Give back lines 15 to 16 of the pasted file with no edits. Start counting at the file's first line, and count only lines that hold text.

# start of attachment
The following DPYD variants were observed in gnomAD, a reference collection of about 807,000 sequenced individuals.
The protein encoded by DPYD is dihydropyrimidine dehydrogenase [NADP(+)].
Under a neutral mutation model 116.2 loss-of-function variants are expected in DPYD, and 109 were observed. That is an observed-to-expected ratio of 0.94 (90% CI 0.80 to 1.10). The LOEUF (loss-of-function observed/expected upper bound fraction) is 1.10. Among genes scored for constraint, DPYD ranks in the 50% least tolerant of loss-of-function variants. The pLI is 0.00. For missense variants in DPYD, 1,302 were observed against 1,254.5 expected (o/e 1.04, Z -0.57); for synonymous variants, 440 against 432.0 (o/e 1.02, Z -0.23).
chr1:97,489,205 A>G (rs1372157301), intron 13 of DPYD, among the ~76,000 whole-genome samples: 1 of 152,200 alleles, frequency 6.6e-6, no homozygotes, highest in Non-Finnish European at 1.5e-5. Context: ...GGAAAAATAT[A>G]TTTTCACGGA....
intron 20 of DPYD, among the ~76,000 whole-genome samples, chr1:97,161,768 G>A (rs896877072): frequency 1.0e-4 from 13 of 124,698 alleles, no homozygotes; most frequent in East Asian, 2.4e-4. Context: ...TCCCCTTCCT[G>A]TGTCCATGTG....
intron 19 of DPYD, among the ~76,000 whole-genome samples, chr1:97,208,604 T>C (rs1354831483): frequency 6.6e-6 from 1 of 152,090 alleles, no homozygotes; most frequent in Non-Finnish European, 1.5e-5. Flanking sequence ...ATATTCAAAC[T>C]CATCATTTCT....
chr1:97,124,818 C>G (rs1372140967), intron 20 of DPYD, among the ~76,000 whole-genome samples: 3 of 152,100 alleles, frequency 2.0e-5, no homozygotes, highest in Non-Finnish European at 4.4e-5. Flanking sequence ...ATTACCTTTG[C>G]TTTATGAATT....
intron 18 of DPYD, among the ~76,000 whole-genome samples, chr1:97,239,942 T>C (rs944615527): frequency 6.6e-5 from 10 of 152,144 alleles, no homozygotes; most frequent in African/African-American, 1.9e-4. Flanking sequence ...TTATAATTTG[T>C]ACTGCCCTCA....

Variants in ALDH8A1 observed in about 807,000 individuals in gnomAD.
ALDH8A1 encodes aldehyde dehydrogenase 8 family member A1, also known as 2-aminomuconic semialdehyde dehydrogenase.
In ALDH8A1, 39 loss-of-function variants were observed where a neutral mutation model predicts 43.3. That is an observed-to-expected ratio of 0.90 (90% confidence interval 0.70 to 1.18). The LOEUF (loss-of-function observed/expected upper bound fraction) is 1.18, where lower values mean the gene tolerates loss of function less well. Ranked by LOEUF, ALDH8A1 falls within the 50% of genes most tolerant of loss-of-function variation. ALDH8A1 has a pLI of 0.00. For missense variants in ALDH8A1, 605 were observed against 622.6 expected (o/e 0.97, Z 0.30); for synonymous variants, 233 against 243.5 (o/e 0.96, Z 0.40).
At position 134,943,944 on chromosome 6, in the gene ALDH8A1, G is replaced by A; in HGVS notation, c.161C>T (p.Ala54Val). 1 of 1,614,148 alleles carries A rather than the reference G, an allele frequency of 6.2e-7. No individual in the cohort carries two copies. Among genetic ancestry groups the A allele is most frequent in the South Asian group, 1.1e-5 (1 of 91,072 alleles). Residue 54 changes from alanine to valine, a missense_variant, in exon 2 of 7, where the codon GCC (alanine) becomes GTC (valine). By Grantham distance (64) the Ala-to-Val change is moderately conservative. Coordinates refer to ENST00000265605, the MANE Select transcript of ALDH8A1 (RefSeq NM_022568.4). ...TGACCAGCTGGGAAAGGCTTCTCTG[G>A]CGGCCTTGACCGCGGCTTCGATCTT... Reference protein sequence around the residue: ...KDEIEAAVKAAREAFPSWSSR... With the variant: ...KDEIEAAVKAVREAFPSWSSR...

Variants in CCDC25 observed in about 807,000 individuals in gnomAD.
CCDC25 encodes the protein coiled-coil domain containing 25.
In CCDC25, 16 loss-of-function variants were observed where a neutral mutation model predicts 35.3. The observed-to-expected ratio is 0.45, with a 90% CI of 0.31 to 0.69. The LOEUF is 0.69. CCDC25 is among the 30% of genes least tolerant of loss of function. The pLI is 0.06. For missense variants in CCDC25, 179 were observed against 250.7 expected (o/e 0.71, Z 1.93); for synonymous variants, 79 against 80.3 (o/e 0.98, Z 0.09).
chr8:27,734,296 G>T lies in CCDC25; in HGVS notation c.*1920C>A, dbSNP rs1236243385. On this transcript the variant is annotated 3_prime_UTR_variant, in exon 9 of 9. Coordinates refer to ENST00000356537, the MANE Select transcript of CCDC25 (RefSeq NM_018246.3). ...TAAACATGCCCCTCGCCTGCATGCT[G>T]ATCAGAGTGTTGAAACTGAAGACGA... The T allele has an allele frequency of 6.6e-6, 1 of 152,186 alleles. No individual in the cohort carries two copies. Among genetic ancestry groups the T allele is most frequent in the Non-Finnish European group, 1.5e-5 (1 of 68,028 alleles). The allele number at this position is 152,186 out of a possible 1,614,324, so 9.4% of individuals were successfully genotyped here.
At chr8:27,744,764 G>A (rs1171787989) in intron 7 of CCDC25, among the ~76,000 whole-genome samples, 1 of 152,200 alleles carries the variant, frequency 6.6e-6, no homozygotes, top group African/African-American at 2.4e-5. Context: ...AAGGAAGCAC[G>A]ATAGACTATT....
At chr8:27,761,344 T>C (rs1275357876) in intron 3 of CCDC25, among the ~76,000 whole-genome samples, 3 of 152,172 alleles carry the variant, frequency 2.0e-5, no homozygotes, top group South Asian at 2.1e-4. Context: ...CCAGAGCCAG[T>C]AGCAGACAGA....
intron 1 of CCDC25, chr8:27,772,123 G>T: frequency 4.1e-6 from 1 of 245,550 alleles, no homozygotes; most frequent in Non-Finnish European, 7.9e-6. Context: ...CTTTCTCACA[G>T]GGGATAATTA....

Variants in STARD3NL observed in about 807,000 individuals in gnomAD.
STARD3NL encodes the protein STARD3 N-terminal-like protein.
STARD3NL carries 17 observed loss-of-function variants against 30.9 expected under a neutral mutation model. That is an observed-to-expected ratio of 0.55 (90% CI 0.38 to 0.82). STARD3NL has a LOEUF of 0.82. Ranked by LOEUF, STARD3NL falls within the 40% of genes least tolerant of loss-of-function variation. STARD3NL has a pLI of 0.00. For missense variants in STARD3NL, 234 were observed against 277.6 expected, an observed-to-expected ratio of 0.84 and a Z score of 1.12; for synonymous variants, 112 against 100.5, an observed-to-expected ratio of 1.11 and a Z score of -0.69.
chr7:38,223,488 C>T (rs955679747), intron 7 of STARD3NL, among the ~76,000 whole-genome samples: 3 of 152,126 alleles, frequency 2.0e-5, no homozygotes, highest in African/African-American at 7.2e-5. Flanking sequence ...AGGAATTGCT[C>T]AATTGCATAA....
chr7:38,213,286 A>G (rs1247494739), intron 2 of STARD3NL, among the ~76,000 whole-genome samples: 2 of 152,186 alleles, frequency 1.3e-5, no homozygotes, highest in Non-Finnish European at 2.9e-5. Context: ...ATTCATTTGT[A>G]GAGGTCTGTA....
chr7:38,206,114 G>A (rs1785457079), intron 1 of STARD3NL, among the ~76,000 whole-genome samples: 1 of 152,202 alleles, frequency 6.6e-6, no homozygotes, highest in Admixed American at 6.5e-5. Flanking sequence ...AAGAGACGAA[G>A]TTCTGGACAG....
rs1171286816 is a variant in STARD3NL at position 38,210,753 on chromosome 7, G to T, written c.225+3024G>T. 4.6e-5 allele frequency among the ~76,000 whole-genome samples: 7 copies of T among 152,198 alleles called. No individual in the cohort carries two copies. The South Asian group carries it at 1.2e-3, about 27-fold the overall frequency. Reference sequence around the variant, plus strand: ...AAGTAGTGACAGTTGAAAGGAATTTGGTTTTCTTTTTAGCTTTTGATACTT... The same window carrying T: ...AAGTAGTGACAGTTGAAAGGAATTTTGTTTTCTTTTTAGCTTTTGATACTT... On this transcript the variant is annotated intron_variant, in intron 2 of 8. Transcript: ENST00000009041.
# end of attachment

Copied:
In CCDC25, 16 loss-of-function variants were observed where a neutral mutation model predicts 35.3. The observed-to-expected ratio is 0.45, with a 90% CI of 0.31 to 0.69. The LOEUF is 0.69. CCDC25 is among the 30% of genes least tolerant of loss of function. The pLI is 0.06. For missense variants in CCDC25, 179 were observed against 250.7 expected (o/e 0.71, Z 1.93); for synonymous variants, 79 against 80.3 (o/e 0.98, Z 0.09).
chr8:27,734,296 G>T lies in CCDC25; in HGVS notation c.*1920C>A, dbSNP rs1236243385. On this transcript the variant is annotated 3_prime_UTR_variant, in exon 9 of 9. Coordinates refer to ENST00000356537, the MANE Select transcript of CCDC25 (RefSeq NM_018246.3). ...TAAACATGCCCCTCGCCTGCATGCT[G>T]ATCAGAGTGTTGAAACTGAAGACGA... The T allele has an allele frequency of 6.6e-6, 1 of 152,186 alleles. No individual in the cohort carries two copies. Among genetic ancestry groups the T allele is most frequent in the Non-Finnish European group, 1.5e-5 (1 of 68,028 alleles). The allele number at this position is 152,186 out of a possible 1,614,324, so 9.4% of individuals were successfully genotyped here.